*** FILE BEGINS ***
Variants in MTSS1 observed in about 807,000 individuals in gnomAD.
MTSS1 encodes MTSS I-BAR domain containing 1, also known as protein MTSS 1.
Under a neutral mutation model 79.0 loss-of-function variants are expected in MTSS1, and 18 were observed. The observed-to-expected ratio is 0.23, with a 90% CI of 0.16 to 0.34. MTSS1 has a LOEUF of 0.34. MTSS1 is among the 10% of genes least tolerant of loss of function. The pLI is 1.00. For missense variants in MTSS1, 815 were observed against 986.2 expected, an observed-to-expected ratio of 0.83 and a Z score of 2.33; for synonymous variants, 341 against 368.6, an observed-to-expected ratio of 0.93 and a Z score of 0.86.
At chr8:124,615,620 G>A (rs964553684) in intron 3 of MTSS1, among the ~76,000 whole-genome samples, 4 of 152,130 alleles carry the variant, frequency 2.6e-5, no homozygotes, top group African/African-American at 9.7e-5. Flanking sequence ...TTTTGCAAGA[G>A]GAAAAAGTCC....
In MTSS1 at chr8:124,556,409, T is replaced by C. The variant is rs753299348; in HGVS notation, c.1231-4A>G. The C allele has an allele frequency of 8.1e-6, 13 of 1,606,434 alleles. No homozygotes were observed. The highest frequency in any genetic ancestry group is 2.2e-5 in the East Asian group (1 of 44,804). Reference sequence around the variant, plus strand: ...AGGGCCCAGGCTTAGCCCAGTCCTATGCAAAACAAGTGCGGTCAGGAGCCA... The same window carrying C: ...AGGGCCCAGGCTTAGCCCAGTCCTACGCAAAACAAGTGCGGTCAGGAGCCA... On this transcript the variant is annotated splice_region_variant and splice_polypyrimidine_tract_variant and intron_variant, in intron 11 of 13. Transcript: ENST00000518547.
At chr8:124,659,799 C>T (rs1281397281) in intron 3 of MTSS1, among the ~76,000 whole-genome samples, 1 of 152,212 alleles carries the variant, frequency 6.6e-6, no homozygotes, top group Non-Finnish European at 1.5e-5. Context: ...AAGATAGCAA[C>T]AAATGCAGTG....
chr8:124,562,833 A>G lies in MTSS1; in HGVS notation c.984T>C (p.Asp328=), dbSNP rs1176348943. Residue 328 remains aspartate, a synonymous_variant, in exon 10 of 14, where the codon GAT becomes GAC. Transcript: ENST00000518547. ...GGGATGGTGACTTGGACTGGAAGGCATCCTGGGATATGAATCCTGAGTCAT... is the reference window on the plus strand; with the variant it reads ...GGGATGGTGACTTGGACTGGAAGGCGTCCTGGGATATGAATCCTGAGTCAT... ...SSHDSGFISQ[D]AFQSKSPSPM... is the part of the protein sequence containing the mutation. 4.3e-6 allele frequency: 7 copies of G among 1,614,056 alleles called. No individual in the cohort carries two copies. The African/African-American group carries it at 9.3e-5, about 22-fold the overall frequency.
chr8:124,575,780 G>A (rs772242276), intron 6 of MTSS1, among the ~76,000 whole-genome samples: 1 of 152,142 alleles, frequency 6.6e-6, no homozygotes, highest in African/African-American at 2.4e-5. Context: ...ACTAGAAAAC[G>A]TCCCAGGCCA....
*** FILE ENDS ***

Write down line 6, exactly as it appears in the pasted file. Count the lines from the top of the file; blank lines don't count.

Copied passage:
At chr8:124,659,799 C>T (rs1281397281) in intron 3 of MTSS1, among the ~76,000 whole-genome samples, 1 of 152,212 alleles carries the variant, frequency 6.6e-6, no homozygotes, top group Non-Finnish European at 1.5e-5. Context: ...AAGATAGCAA[C>T]AAATGCAGTG....